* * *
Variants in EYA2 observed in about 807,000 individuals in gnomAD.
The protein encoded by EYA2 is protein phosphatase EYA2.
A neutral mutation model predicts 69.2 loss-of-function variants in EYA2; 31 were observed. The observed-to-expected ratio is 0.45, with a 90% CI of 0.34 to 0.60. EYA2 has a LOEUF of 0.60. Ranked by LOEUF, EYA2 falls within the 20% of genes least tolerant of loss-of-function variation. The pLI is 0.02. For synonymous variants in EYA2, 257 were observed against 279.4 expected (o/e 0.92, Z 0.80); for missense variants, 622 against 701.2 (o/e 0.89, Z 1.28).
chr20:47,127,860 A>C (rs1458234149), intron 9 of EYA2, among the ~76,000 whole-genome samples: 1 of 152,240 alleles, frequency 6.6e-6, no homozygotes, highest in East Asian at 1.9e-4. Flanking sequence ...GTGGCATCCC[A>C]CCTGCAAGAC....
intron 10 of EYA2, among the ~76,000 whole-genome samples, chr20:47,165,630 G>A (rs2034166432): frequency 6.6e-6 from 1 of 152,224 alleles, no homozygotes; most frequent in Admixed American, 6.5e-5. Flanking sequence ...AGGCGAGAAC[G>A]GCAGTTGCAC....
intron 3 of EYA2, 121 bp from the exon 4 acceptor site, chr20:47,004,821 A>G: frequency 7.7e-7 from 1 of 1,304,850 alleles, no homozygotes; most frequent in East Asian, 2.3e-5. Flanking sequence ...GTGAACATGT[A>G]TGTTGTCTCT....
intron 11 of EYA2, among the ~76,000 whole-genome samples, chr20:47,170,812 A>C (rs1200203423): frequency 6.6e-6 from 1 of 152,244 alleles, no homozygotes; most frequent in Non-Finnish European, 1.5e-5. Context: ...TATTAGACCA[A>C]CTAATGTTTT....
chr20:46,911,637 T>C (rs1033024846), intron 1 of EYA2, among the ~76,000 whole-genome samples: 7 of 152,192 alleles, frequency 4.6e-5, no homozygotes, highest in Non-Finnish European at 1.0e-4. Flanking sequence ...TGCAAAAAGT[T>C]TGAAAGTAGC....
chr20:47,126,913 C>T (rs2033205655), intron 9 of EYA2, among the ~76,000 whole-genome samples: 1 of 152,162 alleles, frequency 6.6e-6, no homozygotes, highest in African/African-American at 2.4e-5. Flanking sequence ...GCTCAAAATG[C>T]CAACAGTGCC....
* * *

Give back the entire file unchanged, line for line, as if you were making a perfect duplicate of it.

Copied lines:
Variants in EYA2 observed in about 807,000 individuals in gnomAD.
The protein encoded by EYA2 is protein phosphatase EYA2.
A neutral mutation model predicts 69.2 loss-of-function variants in EYA2; 31 were observed. The observed-to-expected ratio is 0.45, with a 90% CI of 0.34 to 0.60. EYA2 has a LOEUF of 0.60. Ranked by LOEUF, EYA2 falls within the 20% of genes least tolerant of loss-of-function variation. The pLI is 0.02. For synonymous variants in EYA2, 257 were observed against 279.4 expected (o/e 0.92, Z 0.80); for missense variants, 622 against 701.2 (o/e 0.89, Z 1.28).
chr20:47,127,860 A>C (rs1458234149), intron 9 of EYA2, among the ~76,000 whole-genome samples: 1 of 152,240 alleles, frequency 6.6e-6, no homozygotes, highest in East Asian at 1.9e-4. Flanking sequence ...GTGGCATCCC[A>C]CCTGCAAGAC....
intron 10 of EYA2, among the ~76,000 whole-genome samples, chr20:47,165,630 G>A (rs2034166432): frequency 6.6e-6 from 1 of 152,224 alleles, no homozygotes; most frequent in Admixed American, 6.5e-5. Flanking sequence ...AGGCGAGAAC[G>A]GCAGTTGCAC....
intron 3 of EYA2, 121 bp from the exon 4 acceptor site, chr20:47,004,821 A>G: frequency 7.7e-7 from 1 of 1,304,850 alleles, no homozygotes; most frequent in East Asian, 2.3e-5. Flanking sequence ...GTGAACATGT[A>G]TGTTGTCTCT....
intron 11 of EYA2, among the ~76,000 whole-genome samples, chr20:47,170,812 A>C (rs1200203423): frequency 6.6e-6 from 1 of 152,244 alleles, no homozygotes; most frequent in Non-Finnish European, 1.5e-5. Context: ...TATTAGACCA[A>C]CTAATGTTTT....
chr20:46,911,637 T>C (rs1033024846), intron 1 of EYA2, among the ~76,000 whole-genome samples: 7 of 152,192 alleles, frequency 4.6e-5, no homozygotes, highest in Non-Finnish European at 1.0e-4. Flanking sequence ...TGCAAAAAGT[T>C]TGAAAGTAGC....
chr20:47,126,913 C>T (rs2033205655), intron 9 of EYA2, among the ~76,000 whole-genome samples: 1 of 152,162 alleles, frequency 6.6e-6, no homozygotes, highest in African/African-American at 2.4e-5. Flanking sequence ...GCTCAAAATG[C>T]CAACAGTGCC....